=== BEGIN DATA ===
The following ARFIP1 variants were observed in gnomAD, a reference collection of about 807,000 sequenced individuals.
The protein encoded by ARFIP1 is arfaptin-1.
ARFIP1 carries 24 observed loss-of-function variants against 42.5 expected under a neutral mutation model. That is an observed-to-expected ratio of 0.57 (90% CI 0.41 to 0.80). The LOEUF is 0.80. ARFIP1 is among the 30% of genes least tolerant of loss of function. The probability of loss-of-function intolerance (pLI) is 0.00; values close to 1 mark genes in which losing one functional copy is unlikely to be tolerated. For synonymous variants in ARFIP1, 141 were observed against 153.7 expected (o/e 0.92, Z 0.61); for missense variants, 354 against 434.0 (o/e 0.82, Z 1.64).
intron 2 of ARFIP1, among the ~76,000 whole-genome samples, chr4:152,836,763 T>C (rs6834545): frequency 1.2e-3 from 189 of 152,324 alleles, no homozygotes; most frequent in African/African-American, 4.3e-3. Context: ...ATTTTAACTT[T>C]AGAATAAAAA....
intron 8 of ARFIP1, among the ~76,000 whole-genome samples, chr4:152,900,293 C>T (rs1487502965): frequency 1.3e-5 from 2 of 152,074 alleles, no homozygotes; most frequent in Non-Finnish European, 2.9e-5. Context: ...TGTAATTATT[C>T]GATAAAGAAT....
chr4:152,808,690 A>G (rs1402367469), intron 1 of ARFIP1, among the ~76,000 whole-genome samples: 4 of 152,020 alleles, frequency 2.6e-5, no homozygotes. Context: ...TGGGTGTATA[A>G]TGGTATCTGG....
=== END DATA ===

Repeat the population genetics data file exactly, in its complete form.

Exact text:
The following ARFIP1 variants were observed in gnomAD, a reference collection of about 807,000 sequenced individuals.
The protein encoded by ARFIP1 is arfaptin-1.
ARFIP1 carries 24 observed loss-of-function variants against 42.5 expected under a neutral mutation model. That is an observed-to-expected ratio of 0.57 (90% CI 0.41 to 0.80). The LOEUF is 0.80. ARFIP1 is among the 30% of genes least tolerant of loss of function. The probability of loss-of-function intolerance (pLI) is 0.00; values close to 1 mark genes in which losing one functional copy is unlikely to be tolerated. For synonymous variants in ARFIP1, 141 were observed against 153.7 expected (o/e 0.92, Z 0.61); for missense variants, 354 against 434.0 (o/e 0.82, Z 1.64).
intron 2 of ARFIP1, among the ~76,000 whole-genome samples, chr4:152,836,763 T>C (rs6834545): frequency 1.2e-3 from 189 of 152,324 alleles, no homozygotes; most frequent in African/African-American, 4.3e-3. Context: ...ATTTTAACTT[T>C]AGAATAAAAA....
intron 8 of ARFIP1, among the ~76,000 whole-genome samples, chr4:152,900,293 C>T (rs1487502965): frequency 1.3e-5 from 2 of 152,074 alleles, no homozygotes; most frequent in Non-Finnish European, 2.9e-5. Context: ...TGTAATTATT[C>T]GATAAAGAAT....
chr4:152,808,690 A>G (rs1402367469), intron 1 of ARFIP1, among the ~76,000 whole-genome samples: 4 of 152,020 alleles, frequency 2.6e-5, no homozygotes. Context: ...TGGGTGTATA[A>G]TGGTATCTGG....